Wednesday, March 17, 2010

Natural Perfumers Guild Associate Tony Burfield - Powerpoint of talk to British Society of Perfumers; Predicts move of perfumery out of the West due to Excessive Regulations

Tony Burfield gave a talk entitled “Is excessive regulation destroying the perfumery art?” at the British Society of Perfumers Safety Symposium, 11th March 2010, held at the Belfry Hotel near Cambridge, UK. Click the link to download a Power Point presentation of the talk. In contrast to the other speakers, who mainly advised on how to conform to the minutiae of existing REACH requirements, the new Classification, Labelling & Packaging (CLP) of substances and mixtures regulations, and other EU measures (as well as adherence to the IFRA CoP), Tony attempted to outline the disproportionate nature of EU Cosmetics legislation, and its attempts to create an artificial world of synthetic based products which would be "safer" than nature itself.

Tony asked why the aroma industry had been so timid in the face of the burgeoning legislation which would all but destroy it, and why it couldn't find the time to challenge much of the bad science behind some of the more over-precautionary measures.

In a previous feature "Perfumers and the 40th IFRA Amendment" (Burfield 2007) first put out on Basenotes in Feb 2007, Tony had noted the declining importance & influence of the Professional Perfumer, no longer the courageous and opinionated artists, and rarely seen any more as company board members. Their decline in industrial status, often to a level slightly under that of the Regulatory Affairs Assistant, is even more evident now that previously. Yet  he was informed one by a well-known perfumer working for one of the major fragrance corporates, that the new generation of software-using perfumers have no problem in conforming to the avalanche of new regulations.

He interpreted this as referring to a younger generation who have probably never smelled a genuine yllang-ylang oil, or an unadulterated  sandalwood oil East Indian (as they are invariably ‘extended’ at source), and have a sparse knowledge or experience of the massive range of exotic natural aromatic materials. He further contends that they may well spend most of their working time tinkering with formulae, working on substitutions for contra-indicated ingredients such as cyclamen aldehyde, lyral, lilial or polycyclic musks, or lately even key materials like linalol (current shortage of this important ingredient apparently due to fire in a major producing facility in China).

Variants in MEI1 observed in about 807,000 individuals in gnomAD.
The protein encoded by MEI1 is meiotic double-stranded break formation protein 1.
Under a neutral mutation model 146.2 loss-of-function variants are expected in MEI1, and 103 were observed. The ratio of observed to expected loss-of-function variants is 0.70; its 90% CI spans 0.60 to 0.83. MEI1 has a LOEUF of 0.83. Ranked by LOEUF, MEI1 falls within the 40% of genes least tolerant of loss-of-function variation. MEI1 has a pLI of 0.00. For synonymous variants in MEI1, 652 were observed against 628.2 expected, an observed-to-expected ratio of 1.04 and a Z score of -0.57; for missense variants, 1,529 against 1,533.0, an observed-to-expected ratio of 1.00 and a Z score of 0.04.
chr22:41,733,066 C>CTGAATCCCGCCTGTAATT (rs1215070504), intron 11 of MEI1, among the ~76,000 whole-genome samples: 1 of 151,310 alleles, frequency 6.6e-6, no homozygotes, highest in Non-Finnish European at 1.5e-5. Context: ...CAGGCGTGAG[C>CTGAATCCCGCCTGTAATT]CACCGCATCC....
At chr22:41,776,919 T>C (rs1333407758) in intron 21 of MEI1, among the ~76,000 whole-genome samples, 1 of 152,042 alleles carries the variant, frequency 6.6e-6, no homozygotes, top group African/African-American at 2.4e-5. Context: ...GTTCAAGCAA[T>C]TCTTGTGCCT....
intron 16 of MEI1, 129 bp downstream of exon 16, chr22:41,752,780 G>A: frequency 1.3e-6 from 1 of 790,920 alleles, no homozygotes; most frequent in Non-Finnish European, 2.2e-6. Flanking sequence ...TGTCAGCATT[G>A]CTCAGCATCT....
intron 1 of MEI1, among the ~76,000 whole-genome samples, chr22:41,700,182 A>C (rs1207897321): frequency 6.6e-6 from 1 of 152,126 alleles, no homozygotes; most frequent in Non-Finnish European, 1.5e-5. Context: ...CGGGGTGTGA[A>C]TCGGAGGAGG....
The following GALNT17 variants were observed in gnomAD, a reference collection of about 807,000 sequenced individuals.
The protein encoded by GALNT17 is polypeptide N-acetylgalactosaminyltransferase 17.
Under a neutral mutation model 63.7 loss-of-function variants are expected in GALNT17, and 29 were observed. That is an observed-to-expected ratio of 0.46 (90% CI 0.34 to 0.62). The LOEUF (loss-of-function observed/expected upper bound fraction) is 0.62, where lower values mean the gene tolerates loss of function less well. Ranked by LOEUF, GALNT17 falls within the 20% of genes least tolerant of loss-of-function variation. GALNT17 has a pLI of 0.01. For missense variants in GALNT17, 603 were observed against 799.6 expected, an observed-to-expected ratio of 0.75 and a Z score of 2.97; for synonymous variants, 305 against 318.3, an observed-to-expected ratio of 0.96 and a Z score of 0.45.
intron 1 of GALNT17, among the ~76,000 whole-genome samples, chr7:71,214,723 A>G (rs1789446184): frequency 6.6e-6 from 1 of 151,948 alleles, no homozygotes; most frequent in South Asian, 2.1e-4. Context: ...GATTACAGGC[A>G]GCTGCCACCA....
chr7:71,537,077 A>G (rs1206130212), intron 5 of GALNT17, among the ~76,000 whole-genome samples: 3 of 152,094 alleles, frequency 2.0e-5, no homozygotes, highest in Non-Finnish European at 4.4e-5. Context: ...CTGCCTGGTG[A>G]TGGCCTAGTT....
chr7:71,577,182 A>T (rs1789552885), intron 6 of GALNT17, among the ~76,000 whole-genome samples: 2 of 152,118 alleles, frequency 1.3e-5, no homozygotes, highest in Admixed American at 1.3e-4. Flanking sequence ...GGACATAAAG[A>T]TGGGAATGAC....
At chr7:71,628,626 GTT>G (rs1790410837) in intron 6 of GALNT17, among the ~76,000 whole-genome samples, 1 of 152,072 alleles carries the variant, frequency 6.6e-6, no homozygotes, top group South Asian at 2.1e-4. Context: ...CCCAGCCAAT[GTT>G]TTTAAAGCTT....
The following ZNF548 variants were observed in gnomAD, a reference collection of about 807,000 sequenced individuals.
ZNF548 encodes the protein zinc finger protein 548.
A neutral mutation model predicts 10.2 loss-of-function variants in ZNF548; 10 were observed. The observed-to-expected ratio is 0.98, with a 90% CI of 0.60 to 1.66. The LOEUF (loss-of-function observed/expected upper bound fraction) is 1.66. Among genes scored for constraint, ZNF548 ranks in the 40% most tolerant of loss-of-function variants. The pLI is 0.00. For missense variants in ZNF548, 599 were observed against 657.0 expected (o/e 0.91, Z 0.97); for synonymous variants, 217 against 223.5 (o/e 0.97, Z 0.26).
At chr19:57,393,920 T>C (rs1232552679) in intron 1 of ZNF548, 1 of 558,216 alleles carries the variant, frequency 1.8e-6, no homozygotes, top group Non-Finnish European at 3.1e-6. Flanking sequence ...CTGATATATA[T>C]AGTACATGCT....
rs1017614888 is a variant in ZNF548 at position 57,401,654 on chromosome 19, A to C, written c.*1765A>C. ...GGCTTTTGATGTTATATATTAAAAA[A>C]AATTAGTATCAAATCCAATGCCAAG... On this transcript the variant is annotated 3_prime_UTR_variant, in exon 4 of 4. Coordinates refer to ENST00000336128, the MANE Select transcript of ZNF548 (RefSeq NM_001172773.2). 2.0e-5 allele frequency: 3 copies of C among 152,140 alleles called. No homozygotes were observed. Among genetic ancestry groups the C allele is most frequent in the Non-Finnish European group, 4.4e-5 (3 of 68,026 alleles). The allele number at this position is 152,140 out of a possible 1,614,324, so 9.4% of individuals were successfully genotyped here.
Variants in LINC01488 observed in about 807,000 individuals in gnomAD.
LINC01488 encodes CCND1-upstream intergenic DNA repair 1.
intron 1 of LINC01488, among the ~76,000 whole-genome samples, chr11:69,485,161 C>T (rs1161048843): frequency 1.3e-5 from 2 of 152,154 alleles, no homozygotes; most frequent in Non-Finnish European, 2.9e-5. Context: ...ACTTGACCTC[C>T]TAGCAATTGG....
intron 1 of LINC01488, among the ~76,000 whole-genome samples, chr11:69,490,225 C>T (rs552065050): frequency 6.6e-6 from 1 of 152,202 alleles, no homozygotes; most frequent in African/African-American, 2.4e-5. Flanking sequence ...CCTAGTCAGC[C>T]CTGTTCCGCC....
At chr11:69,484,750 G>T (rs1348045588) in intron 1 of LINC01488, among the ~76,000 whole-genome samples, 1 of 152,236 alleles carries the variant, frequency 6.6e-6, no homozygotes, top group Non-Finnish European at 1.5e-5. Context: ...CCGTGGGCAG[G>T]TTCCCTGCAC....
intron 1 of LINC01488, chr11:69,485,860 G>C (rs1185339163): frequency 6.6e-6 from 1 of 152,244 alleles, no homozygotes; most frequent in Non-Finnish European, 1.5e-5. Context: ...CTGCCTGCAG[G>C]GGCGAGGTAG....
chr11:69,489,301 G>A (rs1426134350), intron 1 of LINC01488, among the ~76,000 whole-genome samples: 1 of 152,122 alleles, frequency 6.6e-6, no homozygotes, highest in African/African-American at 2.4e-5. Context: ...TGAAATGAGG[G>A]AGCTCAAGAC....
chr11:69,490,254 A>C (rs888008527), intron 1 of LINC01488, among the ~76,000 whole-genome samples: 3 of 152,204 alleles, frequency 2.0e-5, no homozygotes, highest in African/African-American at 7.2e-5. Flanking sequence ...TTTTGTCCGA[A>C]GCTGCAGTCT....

Where do we go from here? With the impact of REACH set to remove a huge number of ingredients (both synthetic and natural) from the perfumers palette, and with over-exploitation continuing to endanger the future availability many natural aromatic materials, it is hard to see much future for the perfumery art in Europe, unless marketeering hype can induce consumers to buy products only suitable for consumers with unsophisticated tastes & perceptions.

As previously mentioned, many consumers are noticing the increasing evidence of 'chemical' notes creeping into fragrances, and some have used fairly negative odour descriptors to Cropwatch about individual perfumes (out of the multitude of today's short-lived  fragrance launches) which they perceive as  smelling  like 'cough candy', 'fly spray' or 'drain-cleaner'. Tony contends that the time is right for the centre of creativity, and progress in the art-of-the possible in fragrance design to move away from the West with its over-cautious ingredient restrictions.

The toxicologists, who now seem to call the shots in this profession, have helped ruin the aroma industry, yet can only point to a vanishingly small number of instances  where any alleged adverse consumer effects from fragrances have manifested as clear cut clinical cases. The future of perfumery surely lies outside the West, in countries which have more proportionate and should we say, a less hysterical approach to cosmetics health & safety regulation.

1 comment:

Cindy said...

Nice post and thanks for bringing these issues to our attention. Its not only REACH, but groups like Campaign for Safe Cosmetics who want to ban anything that has a hint of being a carcinogen. Most plants contain both carcinogens as well as anticarcinogens. Blindly banning things because they have caused cancer when injected in high amounts in rats is just slightly hysterical. We'll be sorry when our favorite essential oils are banned by those who think they are protecting us.